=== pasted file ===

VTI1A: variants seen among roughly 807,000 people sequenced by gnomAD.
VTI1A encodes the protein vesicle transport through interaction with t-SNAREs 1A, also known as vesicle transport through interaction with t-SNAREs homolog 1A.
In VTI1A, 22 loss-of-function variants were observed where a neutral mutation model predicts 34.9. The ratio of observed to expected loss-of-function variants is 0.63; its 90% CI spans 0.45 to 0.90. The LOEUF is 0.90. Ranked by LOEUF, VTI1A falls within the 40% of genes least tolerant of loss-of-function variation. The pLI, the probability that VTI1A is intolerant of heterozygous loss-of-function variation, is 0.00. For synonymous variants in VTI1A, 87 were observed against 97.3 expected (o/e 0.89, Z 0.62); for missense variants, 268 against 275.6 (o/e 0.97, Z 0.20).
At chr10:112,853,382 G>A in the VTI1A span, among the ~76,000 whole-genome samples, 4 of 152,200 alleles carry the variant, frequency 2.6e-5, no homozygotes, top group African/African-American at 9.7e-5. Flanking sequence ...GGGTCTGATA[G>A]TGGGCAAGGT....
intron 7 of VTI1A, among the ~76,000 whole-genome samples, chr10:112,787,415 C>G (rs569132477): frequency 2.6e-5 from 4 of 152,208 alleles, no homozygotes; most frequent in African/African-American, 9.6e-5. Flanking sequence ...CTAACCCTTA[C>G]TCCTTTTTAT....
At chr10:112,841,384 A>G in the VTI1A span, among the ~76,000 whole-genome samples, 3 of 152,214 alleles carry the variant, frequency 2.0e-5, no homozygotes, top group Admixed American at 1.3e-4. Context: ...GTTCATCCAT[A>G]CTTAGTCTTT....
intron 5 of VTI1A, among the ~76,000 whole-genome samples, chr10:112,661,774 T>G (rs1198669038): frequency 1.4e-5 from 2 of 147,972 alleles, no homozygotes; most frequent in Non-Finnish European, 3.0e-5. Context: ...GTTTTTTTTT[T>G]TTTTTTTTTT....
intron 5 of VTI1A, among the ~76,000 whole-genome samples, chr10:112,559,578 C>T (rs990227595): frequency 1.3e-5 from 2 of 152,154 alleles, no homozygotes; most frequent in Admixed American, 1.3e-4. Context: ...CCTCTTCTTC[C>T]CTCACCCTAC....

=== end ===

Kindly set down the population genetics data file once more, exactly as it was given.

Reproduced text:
VTI1A: variants seen among roughly 807,000 people sequenced by gnomAD.
VTI1A encodes the protein vesicle transport through interaction with t-SNAREs 1A, also known as vesicle transport through interaction with t-SNAREs homolog 1A.
In VTI1A, 22 loss-of-function variants were observed where a neutral mutation model predicts 34.9. The ratio of observed to expected loss-of-function variants is 0.63; its 90% CI spans 0.45 to 0.90. The LOEUF is 0.90. Ranked by LOEUF, VTI1A falls within the 40% of genes least tolerant of loss-of-function variation. The pLI, the probability that VTI1A is intolerant of heterozygous loss-of-function variation, is 0.00. For synonymous variants in VTI1A, 87 were observed against 97.3 expected (o/e 0.89, Z 0.62); for missense variants, 268 against 275.6 (o/e 0.97, Z 0.20).
At chr10:112,853,382 G>A in the VTI1A span, among the ~76,000 whole-genome samples, 4 of 152,200 alleles carry the variant, frequency 2.6e-5, no homozygotes, top group African/African-American at 9.7e-5. Flanking sequence ...GGGTCTGATA[G>A]TGGGCAAGGT....
intron 7 of VTI1A, among the ~76,000 whole-genome samples, chr10:112,787,415 C>G (rs569132477): frequency 2.6e-5 from 4 of 152,208 alleles, no homozygotes; most frequent in African/African-American, 9.6e-5. Flanking sequence ...CTAACCCTTA[C>G]TCCTTTTTAT....
At chr10:112,841,384 A>G in the VTI1A span, among the ~76,000 whole-genome samples, 3 of 152,214 alleles carry the variant, frequency 2.0e-5, no homozygotes, top group Admixed American at 1.3e-4. Context: ...GTTCATCCAT[A>G]CTTAGTCTTT....
intron 5 of VTI1A, among the ~76,000 whole-genome samples, chr10:112,661,774 T>G (rs1198669038): frequency 1.4e-5 from 2 of 147,972 alleles, no homozygotes; most frequent in Non-Finnish European, 3.0e-5. Context: ...GTTTTTTTTT[T>G]TTTTTTTTTT....
intron 5 of VTI1A, among the ~76,000 whole-genome samples, chr10:112,559,578 C>T (rs990227595): frequency 1.3e-5 from 2 of 152,154 alleles, no homozygotes; most frequent in Admixed American, 1.3e-4. Context: ...CCTCTTCTTC[C>T]CTCACCCTAC....